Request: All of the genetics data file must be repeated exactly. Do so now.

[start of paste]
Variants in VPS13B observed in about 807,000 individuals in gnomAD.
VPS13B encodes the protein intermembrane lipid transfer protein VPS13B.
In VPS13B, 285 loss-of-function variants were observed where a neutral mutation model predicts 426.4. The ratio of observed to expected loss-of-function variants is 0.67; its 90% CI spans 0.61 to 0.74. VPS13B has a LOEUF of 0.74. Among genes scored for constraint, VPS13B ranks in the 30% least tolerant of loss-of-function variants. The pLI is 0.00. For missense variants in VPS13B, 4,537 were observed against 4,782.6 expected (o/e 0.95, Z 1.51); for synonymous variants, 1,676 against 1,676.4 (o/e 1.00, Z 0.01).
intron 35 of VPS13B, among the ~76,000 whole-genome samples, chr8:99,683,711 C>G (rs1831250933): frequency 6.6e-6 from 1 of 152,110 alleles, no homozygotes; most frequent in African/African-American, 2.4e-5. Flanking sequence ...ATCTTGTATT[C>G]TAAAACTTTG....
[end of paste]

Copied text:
Variants in VPS13B observed in about 807,000 individuals in gnomAD.
VPS13B encodes the protein intermembrane lipid transfer protein VPS13B.
In VPS13B, 285 loss-of-function variants were observed where a neutral mutation model predicts 426.4. The ratio of observed to expected loss-of-function variants is 0.67; its 90% CI spans 0.61 to 0.74. VPS13B has a LOEUF of 0.74. Among genes scored for constraint, VPS13B ranks in the 30% least tolerant of loss-of-function variants. The pLI is 0.00. For missense variants in VPS13B, 4,537 were observed against 4,782.6 expected (o/e 0.95, Z 1.51); for synonymous variants, 1,676 against 1,676.4 (o/e 1.00, Z 0.01).
intron 35 of VPS13B, among the ~76,000 whole-genome samples, chr8:99,683,711 C>G (rs1831250933): frequency 6.6e-6 from 1 of 152,110 alleles, no homozygotes; most frequent in African/African-American, 2.4e-5. Flanking sequence ...ATCTTGTATT[C>G]TAAAACTTTG....